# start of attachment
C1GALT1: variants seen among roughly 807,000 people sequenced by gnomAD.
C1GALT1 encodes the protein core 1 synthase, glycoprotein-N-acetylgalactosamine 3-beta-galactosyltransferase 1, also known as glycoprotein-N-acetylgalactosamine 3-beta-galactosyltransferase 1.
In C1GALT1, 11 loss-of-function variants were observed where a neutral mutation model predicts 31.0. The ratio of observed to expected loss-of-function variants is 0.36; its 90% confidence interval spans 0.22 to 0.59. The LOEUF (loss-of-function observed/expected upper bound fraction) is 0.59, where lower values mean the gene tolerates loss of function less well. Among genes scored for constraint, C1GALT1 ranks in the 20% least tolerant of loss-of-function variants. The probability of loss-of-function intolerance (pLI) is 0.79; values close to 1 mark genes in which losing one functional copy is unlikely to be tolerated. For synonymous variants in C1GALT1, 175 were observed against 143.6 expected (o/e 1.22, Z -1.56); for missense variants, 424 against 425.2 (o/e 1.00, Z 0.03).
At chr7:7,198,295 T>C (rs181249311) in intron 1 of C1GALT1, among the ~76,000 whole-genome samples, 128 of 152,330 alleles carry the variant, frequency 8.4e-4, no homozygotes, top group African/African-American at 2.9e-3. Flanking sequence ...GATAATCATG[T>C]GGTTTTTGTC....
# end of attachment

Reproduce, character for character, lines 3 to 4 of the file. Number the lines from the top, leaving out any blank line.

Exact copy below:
In C1GALT1, 11 loss-of-function variants were observed where a neutral mutation model predicts 31.0. The ratio of observed to expected loss-of-function variants is 0.36; its 90% confidence interval spans 0.22 to 0.59. The LOEUF (loss-of-function observed/expected upper bound fraction) is 0.59, where lower values mean the gene tolerates loss of function less well. Among genes scored for constraint, C1GALT1 ranks in the 20% least tolerant of loss-of-function variants. The probability of loss-of-function intolerance (pLI) is 0.79; values close to 1 mark genes in which losing one functional copy is unlikely to be tolerated. For synonymous variants in C1GALT1, 175 were observed against 143.6 expected (o/e 1.22, Z -1.56); for missense variants, 424 against 425.2 (o/e 1.00, Z 0.03).
At chr7:7,198,295 T>C (rs181249311) in intron 1 of C1GALT1, among the ~76,000 whole-genome samples, 128 of 152,330 alleles carry the variant, frequency 8.4e-4, no homozygotes, top group African/African-American at 2.9e-3. Flanking sequence ...GATAATCATG[T>C]GGTTTTTGTC....